We Must Keep Talking About Race on 'Girls'

Stephen Lovekin/Getty
Stephen Lovekin/Getty

While some may be tired of discussing HBO's controversial new series GirlsJezebel columnist Dodai Stewart declares that we have to keep the conversation going. According to Stewart, dismissing the discourse surrounding the show created by writer-director Lena Dunham exacerbates the problem of separatism in American culture and promotes the misunderstanding that it is acceptable to portray a diverse city like New York through a gaze that reflects only its white inhabitants.


The biggest problem is that some people seem to think that we live in two worlds. Separate but equal. That Girls is fine the way it is because Tyler Perry movies and shows exist. This argument comes up when we point out the way black people are treated on the cover of Vanity Fair and in the comments on Elspeth Reeve's Atlantic Wire piece about Girls. One (barely literate) commenter laments,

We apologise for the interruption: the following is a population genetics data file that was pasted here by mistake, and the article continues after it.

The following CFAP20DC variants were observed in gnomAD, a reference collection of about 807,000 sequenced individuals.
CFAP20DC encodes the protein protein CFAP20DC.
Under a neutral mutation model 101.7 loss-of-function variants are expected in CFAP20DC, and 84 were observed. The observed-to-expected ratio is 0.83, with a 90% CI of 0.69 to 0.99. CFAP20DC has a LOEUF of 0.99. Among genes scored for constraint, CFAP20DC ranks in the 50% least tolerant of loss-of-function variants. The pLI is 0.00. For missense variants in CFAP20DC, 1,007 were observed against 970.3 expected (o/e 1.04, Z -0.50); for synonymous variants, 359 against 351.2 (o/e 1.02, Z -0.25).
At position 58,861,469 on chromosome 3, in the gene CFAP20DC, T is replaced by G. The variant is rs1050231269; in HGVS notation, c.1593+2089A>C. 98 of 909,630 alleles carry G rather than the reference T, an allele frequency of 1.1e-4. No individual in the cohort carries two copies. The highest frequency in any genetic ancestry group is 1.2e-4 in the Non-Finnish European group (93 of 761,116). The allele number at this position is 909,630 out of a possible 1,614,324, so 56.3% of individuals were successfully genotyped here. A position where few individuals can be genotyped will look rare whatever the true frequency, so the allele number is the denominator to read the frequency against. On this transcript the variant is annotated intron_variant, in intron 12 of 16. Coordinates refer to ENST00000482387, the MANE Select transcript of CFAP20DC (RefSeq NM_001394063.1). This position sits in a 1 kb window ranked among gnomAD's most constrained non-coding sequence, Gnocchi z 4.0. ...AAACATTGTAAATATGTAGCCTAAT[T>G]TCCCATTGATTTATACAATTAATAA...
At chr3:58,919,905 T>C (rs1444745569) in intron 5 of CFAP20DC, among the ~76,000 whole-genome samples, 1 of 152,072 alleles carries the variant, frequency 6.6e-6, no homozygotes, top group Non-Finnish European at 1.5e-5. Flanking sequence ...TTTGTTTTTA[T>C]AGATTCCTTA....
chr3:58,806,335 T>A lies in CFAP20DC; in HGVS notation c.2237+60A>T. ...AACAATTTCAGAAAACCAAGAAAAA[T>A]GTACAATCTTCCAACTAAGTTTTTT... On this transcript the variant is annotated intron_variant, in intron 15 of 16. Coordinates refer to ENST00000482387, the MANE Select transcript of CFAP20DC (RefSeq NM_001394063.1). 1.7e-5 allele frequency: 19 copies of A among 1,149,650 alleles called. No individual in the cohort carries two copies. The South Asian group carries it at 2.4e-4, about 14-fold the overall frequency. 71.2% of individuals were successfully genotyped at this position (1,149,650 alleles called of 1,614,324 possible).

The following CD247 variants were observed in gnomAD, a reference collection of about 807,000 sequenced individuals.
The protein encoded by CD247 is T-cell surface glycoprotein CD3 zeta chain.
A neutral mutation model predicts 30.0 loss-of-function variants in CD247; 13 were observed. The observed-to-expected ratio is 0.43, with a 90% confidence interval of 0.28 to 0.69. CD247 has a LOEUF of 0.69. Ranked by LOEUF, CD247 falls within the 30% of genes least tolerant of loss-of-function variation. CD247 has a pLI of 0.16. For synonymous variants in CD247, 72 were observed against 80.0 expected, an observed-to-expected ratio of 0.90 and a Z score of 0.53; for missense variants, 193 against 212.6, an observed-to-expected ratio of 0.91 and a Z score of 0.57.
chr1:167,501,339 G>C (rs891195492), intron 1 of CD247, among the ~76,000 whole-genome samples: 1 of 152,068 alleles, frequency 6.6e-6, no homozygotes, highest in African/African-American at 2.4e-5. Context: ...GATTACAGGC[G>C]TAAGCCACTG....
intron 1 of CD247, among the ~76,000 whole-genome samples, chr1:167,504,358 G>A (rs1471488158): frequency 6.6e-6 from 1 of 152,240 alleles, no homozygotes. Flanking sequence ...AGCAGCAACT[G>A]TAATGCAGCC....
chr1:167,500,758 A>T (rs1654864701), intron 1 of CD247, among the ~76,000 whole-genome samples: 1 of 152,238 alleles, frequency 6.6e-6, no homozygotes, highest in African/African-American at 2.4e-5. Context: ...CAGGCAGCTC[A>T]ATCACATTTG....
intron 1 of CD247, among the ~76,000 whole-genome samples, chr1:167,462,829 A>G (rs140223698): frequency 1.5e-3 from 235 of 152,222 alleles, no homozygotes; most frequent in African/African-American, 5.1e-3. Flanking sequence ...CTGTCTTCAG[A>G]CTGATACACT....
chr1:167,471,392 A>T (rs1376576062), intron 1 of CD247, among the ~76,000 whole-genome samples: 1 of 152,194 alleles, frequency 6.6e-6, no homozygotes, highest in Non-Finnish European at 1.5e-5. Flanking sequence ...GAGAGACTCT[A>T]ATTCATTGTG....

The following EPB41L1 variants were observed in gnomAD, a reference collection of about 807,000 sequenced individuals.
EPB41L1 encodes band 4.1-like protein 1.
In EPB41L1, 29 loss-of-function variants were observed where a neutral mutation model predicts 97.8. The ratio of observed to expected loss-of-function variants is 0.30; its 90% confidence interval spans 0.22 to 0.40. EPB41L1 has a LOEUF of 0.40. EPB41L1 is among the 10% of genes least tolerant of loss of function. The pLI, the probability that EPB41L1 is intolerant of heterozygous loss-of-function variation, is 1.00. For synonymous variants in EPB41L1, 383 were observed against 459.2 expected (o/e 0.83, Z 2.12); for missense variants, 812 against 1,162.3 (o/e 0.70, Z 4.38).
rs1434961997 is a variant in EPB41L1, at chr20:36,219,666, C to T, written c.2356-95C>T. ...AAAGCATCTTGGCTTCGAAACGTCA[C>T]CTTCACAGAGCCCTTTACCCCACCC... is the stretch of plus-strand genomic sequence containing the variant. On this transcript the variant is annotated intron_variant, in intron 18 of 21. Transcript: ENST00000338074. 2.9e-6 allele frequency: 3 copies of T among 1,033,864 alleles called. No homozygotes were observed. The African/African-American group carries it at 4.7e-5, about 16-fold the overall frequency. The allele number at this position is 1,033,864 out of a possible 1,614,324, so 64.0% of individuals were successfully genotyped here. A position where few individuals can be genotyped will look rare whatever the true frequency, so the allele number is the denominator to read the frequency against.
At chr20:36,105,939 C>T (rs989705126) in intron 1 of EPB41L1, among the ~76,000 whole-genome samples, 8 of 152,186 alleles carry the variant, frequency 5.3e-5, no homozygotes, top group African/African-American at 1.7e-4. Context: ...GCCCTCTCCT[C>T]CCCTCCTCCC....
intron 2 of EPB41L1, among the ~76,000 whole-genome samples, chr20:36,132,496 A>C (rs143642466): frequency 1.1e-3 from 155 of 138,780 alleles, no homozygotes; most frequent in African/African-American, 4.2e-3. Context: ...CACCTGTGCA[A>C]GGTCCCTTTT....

"So now, in order to be pc we can not tell any stories about thin white girls?! They do excist and would like their stories told also. Nobody ever criticises a perry tyler movie for not having white people represented. Focus on the storie being told instead of this absured color focus all the time … "


Tyler Perry is one man, a droplet of water in an ocean of filmmakers, who are predominantly white. I am a black woman, but I find more in common with characters in “Seinfeld” than I do with the ones in “House of Payne.” My world is neither all black nor all white, but a mix — whether it be race, gender, socio-economics, weight or age. And for those who say, well, create your own show, then: If it were only that easy! Being black puts you at a huge disadvantage in the industry. Like Lena Dunham, excellent writer/director Dee Rees made a movie about a young girl in New York. Unlike Dunham, Rees didn't get a show on HBO — could it be because the main character in her movie, instead of being upper class and white, was middle class, gay, and black? Even Denzel Washington has said, "It's almost impossible to get $100 million to make a movie about a black family in New York City." Black people get the message, time after time, that no one cares about us, and Girls just joins the throngs of the indifferent.

Read more of Dodai Stewart's column at Jezebel.

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